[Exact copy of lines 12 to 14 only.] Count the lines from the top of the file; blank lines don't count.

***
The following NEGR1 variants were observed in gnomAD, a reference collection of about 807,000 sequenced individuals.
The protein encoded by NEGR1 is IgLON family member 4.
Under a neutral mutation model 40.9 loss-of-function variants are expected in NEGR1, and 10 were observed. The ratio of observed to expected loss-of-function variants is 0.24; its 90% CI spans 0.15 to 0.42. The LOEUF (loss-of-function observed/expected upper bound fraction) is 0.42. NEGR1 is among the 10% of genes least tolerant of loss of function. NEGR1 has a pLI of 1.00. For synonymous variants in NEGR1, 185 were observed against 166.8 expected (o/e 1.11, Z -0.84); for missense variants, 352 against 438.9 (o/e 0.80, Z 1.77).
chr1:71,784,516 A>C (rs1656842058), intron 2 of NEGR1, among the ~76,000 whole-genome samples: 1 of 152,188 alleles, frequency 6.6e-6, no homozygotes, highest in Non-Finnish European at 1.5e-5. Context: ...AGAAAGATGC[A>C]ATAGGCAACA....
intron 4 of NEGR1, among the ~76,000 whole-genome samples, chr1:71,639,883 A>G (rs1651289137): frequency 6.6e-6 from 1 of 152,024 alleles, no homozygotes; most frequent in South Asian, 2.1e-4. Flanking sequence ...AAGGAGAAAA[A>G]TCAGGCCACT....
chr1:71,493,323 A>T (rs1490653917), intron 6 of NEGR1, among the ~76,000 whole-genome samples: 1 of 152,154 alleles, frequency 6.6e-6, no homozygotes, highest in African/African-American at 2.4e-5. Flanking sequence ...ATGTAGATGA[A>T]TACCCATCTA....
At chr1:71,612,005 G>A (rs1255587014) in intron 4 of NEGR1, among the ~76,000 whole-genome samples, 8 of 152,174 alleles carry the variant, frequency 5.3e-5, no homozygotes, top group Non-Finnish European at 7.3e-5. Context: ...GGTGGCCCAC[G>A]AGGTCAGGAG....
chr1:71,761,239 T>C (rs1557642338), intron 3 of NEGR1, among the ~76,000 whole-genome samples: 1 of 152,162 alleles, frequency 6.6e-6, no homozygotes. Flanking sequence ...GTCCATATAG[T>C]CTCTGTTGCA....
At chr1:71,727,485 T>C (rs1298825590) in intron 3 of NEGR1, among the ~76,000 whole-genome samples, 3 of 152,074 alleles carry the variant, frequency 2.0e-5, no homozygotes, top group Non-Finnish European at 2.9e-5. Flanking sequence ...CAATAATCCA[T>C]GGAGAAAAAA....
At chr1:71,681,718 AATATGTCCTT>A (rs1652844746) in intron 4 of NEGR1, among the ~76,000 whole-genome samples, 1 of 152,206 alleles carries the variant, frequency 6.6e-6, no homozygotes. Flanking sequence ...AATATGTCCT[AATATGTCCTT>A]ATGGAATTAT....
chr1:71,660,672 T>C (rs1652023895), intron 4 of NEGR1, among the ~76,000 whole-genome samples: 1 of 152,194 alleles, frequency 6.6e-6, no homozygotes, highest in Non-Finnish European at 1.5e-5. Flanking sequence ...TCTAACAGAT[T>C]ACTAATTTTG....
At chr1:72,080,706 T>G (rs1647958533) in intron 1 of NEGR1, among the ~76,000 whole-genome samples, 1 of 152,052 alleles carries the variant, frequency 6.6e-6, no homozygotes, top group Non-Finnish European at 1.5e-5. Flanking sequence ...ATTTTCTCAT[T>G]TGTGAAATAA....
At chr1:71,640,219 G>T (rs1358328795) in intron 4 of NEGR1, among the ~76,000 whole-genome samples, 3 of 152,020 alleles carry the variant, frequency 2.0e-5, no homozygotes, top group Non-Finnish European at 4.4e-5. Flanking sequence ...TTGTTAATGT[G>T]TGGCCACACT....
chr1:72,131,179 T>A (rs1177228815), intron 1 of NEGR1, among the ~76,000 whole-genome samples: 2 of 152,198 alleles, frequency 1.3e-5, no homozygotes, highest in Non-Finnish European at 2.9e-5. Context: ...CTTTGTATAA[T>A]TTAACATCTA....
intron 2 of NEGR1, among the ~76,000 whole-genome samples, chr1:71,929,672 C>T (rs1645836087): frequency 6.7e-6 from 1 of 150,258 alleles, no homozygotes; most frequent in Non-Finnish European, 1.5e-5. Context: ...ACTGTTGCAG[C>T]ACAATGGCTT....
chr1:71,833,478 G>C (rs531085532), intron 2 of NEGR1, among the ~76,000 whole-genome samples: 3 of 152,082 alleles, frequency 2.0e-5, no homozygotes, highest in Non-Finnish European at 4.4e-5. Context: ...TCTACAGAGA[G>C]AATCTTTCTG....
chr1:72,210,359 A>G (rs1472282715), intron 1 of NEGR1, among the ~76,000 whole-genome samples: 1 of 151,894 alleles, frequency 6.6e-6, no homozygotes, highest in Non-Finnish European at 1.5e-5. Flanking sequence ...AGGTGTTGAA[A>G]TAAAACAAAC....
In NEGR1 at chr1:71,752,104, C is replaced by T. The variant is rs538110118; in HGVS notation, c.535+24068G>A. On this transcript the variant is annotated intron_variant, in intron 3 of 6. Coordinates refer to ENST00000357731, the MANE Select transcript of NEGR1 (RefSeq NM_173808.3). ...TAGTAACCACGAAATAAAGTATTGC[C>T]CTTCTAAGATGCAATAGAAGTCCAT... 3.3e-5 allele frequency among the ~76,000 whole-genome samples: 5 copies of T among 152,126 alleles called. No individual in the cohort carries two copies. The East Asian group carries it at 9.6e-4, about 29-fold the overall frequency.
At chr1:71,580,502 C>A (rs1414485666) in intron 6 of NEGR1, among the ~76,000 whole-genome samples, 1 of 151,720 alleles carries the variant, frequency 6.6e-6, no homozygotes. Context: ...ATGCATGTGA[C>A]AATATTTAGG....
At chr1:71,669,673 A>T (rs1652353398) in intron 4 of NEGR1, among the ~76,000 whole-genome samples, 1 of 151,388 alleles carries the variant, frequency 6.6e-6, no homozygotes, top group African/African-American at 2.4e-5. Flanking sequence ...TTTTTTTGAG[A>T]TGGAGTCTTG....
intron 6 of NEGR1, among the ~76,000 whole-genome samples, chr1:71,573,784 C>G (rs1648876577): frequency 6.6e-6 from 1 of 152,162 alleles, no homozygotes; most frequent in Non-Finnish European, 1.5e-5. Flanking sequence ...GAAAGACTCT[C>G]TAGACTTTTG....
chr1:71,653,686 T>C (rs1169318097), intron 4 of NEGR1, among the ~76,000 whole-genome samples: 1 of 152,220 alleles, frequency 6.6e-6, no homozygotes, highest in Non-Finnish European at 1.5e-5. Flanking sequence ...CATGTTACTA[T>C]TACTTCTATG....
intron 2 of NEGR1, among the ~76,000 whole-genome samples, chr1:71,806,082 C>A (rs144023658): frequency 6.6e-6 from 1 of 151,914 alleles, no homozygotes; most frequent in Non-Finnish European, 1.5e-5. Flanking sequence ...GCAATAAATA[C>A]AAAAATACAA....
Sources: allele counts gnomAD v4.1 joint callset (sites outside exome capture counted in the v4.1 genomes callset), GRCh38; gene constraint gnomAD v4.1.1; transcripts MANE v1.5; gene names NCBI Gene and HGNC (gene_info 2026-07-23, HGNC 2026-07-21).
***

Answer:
At chr1:72,080,706 T>G (rs1647958533) in intron 1 of NEGR1, among the ~76,000 whole-genome samples, 1 of 152,052 alleles carries the variant, frequency 6.6e-6, no homozygotes, top group Non-Finnish European at 1.5e-5. Flanking sequence ...ATTTTCTCAT[T>G]TGTGAAATAA....
At chr1:71,640,219 G>T (rs1358328795) in intron 4 of NEGR1, among the ~76,000 whole-genome samples, 3 of 152,020 alleles carry the variant, frequency 2.0e-5, no homozygotes, top group Non-Finnish European at 4.4e-5. Flanking sequence ...TTGTTAATGT[G>T]TGGCCACACT....
chr1:72,131,179 T>A (rs1177228815), intron 1 of NEGR1, among the ~76,000 whole-genome samples: 2 of 152,198 alleles, frequency 1.3e-5, no homozygotes, highest in Non-Finnish European at 2.9e-5. Context: ...CTTTGTATAA[T>A]TTAACATCTA....